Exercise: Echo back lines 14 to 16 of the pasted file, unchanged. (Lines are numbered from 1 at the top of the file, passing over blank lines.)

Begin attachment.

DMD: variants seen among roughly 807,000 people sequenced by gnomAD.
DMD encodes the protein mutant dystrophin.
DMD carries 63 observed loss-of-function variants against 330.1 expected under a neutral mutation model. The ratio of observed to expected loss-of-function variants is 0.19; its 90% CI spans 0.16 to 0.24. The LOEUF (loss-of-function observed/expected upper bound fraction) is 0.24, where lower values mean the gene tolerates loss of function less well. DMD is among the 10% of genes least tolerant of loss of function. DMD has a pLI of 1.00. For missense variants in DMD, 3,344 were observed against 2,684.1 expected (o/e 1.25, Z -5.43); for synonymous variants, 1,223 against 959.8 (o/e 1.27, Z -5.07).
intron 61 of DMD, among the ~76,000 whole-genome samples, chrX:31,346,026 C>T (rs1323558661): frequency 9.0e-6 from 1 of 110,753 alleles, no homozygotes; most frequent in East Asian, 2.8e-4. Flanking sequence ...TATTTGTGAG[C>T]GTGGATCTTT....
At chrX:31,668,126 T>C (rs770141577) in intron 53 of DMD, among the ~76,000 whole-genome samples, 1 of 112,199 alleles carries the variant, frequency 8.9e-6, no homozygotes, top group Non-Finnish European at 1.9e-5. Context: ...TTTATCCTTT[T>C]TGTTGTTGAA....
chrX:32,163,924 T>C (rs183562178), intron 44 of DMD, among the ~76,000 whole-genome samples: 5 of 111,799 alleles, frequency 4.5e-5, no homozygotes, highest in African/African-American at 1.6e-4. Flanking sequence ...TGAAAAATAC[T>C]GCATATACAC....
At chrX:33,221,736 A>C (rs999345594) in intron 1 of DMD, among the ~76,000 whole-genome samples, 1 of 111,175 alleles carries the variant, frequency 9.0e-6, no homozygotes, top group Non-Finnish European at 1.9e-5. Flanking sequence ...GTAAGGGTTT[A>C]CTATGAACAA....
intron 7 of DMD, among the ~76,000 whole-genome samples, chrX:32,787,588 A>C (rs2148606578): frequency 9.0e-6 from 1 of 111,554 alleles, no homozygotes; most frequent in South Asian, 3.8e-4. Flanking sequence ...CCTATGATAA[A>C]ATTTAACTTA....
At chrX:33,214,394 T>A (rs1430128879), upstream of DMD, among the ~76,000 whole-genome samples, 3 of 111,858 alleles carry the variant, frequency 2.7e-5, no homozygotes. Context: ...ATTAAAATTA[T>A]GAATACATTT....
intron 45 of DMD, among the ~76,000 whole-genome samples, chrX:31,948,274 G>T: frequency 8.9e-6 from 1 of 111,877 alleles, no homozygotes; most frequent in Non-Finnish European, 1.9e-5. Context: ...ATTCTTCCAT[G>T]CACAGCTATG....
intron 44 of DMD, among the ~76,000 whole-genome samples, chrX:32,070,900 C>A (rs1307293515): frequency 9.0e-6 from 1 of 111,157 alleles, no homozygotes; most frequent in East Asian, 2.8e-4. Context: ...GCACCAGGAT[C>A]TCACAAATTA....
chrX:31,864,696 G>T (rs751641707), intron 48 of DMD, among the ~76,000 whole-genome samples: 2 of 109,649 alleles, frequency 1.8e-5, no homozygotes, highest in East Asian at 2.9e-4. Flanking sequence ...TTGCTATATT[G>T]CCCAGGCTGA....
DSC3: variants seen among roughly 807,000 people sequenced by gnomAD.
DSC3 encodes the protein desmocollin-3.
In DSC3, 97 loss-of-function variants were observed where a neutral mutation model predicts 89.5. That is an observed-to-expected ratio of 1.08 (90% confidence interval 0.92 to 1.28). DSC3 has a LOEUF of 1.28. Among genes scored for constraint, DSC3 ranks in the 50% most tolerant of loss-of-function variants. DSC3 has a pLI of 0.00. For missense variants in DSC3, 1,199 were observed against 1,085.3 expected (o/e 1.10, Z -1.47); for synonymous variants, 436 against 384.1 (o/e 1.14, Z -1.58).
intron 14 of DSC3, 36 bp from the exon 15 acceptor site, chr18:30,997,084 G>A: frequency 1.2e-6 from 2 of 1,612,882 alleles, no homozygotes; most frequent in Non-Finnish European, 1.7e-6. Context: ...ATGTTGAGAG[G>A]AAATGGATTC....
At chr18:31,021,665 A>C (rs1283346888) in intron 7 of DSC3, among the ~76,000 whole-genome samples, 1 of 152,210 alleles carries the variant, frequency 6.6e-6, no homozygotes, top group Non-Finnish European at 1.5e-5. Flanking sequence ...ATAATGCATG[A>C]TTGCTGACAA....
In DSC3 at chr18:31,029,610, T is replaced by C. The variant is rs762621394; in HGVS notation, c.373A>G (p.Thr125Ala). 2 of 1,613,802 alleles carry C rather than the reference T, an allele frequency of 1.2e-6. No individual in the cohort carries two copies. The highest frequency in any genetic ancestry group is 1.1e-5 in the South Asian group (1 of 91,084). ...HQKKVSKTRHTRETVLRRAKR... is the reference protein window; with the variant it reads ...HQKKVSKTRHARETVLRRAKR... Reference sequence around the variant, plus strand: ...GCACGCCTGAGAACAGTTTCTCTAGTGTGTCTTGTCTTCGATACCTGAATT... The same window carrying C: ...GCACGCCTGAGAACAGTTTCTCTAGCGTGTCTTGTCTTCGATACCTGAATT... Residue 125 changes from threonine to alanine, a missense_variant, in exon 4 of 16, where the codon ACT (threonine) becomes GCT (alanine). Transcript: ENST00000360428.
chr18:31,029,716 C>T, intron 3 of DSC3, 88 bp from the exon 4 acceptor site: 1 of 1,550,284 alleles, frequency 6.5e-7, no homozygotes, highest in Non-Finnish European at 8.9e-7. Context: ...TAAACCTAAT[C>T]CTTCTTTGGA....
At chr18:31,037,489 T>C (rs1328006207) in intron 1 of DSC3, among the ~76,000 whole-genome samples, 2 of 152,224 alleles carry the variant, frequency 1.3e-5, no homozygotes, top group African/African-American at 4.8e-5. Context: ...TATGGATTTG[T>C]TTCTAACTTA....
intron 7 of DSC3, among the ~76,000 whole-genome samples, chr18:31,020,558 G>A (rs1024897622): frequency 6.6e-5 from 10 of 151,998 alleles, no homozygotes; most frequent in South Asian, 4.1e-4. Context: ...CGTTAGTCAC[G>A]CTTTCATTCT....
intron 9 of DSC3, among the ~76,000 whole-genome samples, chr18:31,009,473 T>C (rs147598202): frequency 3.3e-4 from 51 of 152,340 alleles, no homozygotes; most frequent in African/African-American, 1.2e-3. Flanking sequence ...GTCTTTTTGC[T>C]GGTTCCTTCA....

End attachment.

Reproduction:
DSC3 encodes the protein desmocollin-3.
In DSC3, 97 loss-of-function variants were observed where a neutral mutation model predicts 89.5. That is an observed-to-expected ratio of 1.08 (90% confidence interval 0.92 to 1.28). DSC3 has a LOEUF of 1.28. Among genes scored for constraint, DSC3 ranks in the 50% most tolerant of loss-of-function variants. DSC3 has a pLI of 0.00. For missense variants in DSC3, 1,199 were observed against 1,085.3 expected (o/e 1.10, Z -1.47); for synonymous variants, 436 against 384.1 (o/e 1.14, Z -1.58).
intron 14 of DSC3, 36 bp from the exon 15 acceptor site, chr18:30,997,084 G>A: frequency 1.2e-6 from 2 of 1,612,882 alleles, no homozygotes; most frequent in Non-Finnish European, 1.7e-6. Context: ...ATGTTGAGAG[G>A]AAATGGATTC....